Janelle Monae, ‘The Electric Lady’ – Album Review
One can try to place Janelle Monáe into a box, but that would accomplish nothing. This is a woman who thrives by expressing herself through various genres, which is showcased most excellently on her new album, ‘The Electric Lady,’ out Sept. 10.
Her debut LP, ‘The Arch Android,’ was a composed mixture of indie-rock, R&B, dance and all kinds of sub-genres. It was a daunting listen for anyone looking for more songs like ‘Tightrope’ and ‘Cold War.’ Critically it was well-received, making a slew of end-of-year lists in 2010.
During her 2011 Grammy performance, she managed to channel — in less than three minutes — her funk artist stage persona and rock ‘n’ roll edge. It was safe to assume the performance would make her a household name, but she didn’t break into the popular table. Even her appearance on fun.’s ‘We Are Young’ — a huge pop record in 2012 — didn’t move her into the mainstream conversation much.
With no radio presence and no track record for any kind of crossover hit, she’s managed to build a solid following of loyal fans. Exhibit A: the prodigious guest appearances on ‘The Electric Lady.’ Prince, Erykah Badu, Esperanza Spalding, Solange and Miguel all appear on Janelle’s new album.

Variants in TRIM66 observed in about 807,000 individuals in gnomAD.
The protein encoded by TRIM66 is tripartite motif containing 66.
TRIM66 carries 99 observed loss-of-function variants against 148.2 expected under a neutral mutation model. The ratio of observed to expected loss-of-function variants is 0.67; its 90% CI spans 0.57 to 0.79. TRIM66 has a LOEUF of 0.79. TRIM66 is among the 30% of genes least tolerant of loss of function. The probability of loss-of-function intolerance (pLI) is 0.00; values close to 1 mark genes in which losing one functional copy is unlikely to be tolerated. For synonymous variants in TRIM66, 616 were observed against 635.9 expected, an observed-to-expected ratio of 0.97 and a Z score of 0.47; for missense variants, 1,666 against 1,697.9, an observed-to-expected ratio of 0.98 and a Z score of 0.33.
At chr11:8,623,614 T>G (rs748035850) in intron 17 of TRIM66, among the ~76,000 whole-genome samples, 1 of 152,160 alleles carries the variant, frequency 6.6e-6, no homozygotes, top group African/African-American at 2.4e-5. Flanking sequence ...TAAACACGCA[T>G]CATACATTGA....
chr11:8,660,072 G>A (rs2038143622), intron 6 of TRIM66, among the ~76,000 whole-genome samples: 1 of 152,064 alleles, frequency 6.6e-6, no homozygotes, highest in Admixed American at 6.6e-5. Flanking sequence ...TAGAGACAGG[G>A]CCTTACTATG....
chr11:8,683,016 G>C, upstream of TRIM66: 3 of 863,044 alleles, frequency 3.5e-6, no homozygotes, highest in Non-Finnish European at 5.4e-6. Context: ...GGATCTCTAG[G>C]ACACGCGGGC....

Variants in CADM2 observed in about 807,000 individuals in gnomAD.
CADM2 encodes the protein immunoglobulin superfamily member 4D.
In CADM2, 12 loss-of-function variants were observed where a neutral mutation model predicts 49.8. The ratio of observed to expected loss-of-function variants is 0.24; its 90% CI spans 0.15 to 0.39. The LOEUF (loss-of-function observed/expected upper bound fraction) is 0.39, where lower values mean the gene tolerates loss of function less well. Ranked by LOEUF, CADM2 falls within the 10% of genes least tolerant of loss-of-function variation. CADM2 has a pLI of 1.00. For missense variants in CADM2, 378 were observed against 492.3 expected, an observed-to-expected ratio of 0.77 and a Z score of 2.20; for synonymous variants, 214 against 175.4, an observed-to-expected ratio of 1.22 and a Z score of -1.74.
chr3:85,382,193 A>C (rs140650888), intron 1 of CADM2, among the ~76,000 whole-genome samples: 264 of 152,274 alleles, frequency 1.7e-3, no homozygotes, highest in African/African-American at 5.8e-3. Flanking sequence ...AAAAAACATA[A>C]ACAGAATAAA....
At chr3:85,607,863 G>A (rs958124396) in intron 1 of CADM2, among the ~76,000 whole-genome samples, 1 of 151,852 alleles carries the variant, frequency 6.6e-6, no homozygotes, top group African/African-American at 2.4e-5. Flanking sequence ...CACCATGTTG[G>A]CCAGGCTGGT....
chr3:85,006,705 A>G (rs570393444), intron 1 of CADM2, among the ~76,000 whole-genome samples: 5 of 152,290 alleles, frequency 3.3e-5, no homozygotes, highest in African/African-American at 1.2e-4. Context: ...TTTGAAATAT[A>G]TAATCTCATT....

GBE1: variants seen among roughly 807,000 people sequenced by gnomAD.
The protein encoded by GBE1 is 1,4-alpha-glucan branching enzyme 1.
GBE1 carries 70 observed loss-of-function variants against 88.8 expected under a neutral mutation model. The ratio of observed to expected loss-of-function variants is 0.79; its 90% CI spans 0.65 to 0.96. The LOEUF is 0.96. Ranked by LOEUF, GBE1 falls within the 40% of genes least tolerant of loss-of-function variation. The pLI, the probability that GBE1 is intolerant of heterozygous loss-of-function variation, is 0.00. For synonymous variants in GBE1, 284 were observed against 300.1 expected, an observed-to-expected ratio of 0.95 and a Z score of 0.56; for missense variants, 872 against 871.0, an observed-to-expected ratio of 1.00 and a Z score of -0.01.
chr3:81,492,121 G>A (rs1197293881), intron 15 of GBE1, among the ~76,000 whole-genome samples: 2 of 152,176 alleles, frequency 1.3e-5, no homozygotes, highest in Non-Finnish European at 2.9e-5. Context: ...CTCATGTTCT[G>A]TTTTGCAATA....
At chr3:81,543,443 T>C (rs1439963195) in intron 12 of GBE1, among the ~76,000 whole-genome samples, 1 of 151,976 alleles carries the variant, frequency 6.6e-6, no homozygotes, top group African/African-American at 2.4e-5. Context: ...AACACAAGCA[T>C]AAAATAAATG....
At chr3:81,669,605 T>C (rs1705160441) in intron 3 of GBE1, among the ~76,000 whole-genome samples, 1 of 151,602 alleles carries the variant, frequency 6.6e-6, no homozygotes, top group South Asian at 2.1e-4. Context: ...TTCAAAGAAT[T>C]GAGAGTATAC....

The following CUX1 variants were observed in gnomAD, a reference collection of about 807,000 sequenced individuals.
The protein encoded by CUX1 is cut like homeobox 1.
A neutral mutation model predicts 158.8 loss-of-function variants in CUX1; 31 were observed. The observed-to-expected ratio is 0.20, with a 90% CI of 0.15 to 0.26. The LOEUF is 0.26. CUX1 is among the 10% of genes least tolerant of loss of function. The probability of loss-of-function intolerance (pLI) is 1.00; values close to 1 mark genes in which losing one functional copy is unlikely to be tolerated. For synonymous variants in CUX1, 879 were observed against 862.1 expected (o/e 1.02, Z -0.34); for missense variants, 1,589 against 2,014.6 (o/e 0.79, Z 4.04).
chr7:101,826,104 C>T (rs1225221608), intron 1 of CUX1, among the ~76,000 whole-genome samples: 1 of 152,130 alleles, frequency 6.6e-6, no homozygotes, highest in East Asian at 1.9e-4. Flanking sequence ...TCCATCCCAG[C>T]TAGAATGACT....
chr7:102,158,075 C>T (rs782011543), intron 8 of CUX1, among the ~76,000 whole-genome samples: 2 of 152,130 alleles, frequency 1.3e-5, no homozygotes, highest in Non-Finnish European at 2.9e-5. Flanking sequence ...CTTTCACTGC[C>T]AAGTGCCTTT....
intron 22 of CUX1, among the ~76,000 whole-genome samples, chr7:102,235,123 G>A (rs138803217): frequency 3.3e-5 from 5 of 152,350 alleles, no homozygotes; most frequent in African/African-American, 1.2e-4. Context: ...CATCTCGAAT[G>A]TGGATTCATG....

Since her career launch with Bad Boy Records, her music has been entirely based on one concept: her musings on society through the story of an android named Cindi Mayweather haven’t been lauded or maligned. The challenge for any Janelle Monáe listener is her apparent connection to the material. In an age when artists bear themselves outside of the recording studio, she has been extremely mum about many things including her love life.
“I wanted to create one of the best R&B albums of the year,” the Kansas City native told Spin Magazine earlier this month. It’s a difficult task to take on when the creator of ‘The Electric Lady’ has no regard for genre. While that statement was a bit confusing, ‘The Electric Lady’ isn’t — it is a more focused album. She pays homage to the ghetto girls, dancing queens, the marginalized and celebrates universal love — it’s beautifully feminine. One thing is for sure: the album definitely lives up to its name.